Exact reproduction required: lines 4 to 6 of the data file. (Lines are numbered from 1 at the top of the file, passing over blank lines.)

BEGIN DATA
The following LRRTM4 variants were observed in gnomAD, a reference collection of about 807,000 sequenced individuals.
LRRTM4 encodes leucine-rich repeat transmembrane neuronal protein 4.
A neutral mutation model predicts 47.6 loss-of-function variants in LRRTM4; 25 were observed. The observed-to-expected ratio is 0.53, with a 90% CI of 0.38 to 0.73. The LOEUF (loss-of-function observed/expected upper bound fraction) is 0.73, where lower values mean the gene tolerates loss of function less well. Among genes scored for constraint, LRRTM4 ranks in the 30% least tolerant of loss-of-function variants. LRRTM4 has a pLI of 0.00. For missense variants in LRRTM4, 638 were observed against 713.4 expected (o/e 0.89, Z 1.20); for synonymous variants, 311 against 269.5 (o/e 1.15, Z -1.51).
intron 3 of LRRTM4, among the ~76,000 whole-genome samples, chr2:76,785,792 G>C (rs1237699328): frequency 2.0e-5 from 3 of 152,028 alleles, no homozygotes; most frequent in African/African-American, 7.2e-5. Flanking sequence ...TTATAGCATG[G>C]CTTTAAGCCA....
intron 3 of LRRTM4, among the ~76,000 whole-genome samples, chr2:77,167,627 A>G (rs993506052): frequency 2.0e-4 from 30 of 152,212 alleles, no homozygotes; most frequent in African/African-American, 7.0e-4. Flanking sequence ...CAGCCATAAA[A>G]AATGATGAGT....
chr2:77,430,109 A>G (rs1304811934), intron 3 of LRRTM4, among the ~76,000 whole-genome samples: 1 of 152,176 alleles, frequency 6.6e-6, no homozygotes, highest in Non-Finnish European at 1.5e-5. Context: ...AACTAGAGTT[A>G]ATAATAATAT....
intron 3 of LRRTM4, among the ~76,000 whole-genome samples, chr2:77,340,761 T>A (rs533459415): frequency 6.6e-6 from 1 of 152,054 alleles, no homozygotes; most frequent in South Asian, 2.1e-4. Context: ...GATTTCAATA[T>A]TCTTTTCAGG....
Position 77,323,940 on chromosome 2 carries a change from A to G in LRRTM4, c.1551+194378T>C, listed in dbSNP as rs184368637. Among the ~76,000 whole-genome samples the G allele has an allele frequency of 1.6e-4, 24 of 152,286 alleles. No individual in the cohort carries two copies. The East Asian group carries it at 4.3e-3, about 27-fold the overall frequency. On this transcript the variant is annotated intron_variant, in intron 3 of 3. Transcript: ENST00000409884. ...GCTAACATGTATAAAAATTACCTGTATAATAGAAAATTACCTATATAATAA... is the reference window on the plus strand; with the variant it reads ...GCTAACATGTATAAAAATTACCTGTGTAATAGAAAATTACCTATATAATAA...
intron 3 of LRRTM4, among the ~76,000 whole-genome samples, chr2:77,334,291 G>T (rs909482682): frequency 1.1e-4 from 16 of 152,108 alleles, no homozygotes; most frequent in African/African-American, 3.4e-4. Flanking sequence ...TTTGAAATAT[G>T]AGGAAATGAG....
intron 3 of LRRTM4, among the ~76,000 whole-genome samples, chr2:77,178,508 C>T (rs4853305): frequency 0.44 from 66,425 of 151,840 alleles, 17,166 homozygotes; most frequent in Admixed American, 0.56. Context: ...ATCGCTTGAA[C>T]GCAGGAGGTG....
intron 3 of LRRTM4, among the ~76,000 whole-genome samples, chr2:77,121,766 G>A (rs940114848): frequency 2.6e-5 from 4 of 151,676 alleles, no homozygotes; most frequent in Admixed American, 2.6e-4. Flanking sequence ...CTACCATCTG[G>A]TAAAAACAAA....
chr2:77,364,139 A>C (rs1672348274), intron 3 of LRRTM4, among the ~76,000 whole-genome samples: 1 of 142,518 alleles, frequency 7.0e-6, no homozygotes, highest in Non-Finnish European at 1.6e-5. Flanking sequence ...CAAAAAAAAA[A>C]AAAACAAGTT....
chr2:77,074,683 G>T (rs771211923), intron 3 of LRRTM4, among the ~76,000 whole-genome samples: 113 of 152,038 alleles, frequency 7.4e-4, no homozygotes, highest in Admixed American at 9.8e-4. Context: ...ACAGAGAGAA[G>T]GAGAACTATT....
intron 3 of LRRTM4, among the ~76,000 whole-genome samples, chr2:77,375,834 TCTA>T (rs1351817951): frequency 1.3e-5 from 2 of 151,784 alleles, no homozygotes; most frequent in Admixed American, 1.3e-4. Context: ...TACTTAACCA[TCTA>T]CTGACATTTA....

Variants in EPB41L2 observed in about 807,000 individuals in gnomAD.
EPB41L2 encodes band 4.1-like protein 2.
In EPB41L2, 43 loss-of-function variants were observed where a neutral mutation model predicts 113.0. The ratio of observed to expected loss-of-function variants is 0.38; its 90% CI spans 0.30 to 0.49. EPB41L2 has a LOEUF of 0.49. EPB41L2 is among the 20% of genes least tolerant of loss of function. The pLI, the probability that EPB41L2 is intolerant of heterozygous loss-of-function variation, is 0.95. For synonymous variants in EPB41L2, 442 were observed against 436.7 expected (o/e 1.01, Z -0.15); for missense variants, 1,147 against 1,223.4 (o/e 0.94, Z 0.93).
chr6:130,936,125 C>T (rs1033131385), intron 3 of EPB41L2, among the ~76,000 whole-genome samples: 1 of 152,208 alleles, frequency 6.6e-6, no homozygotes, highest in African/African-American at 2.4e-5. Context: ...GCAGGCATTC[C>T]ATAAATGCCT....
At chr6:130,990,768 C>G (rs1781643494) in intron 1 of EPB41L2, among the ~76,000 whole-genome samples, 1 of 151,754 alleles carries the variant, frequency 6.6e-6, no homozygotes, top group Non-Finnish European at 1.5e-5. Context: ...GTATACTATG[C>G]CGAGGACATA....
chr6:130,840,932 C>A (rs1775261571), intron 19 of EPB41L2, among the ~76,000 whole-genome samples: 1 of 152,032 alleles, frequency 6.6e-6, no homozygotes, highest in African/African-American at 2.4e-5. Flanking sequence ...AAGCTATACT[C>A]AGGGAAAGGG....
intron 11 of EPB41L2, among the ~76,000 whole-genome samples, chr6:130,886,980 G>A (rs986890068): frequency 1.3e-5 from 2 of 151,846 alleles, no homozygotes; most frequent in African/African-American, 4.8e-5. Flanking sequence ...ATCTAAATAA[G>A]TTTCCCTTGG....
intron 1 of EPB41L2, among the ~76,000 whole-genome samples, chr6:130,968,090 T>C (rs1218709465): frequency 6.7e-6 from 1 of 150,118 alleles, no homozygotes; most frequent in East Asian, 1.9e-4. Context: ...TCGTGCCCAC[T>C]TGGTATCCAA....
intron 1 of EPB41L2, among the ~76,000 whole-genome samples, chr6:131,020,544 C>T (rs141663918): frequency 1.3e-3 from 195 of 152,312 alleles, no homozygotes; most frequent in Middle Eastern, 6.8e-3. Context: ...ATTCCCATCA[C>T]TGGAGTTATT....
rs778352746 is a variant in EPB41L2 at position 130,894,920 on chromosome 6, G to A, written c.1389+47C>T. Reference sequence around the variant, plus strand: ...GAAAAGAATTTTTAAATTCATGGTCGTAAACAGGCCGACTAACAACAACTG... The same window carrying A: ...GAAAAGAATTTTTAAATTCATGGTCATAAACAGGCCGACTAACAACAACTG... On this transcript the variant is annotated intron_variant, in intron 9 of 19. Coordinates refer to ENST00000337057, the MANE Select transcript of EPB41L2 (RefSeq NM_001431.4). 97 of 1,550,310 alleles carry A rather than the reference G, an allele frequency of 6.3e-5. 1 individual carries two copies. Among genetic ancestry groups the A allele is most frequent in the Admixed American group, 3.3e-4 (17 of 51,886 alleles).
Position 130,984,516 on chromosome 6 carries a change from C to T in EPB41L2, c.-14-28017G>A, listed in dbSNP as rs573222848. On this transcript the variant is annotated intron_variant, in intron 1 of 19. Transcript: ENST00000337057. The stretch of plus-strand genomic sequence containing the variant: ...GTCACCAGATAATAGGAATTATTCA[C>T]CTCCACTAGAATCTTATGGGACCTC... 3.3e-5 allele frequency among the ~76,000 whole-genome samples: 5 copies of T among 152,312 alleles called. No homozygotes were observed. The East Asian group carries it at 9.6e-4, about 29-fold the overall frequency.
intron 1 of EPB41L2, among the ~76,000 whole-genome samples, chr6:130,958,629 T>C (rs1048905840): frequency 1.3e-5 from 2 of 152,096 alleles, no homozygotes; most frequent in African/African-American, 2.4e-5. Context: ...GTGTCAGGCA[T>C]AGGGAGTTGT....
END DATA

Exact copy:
intron 3 of LRRTM4, among the ~76,000 whole-genome samples, chr2:76,785,792 G>C (rs1237699328): frequency 2.0e-5 from 3 of 152,028 alleles, no homozygotes; most frequent in African/African-American, 7.2e-5. Flanking sequence ...TTATAGCATG[G>C]CTTTAAGCCA....
intron 3 of LRRTM4, among the ~76,000 whole-genome samples, chr2:77,167,627 A>G (rs993506052): frequency 2.0e-4 from 30 of 152,212 alleles, no homozygotes; most frequent in African/African-American, 7.0e-4. Flanking sequence ...CAGCCATAAA[A>G]AATGATGAGT....
chr2:77,430,109 A>G (rs1304811934), intron 3 of LRRTM4, among the ~76,000 whole-genome samples: 1 of 152,176 alleles, frequency 6.6e-6, no homozygotes, highest in Non-Finnish European at 1.5e-5. Context: ...AACTAGAGTT[A>G]ATAATAATAT....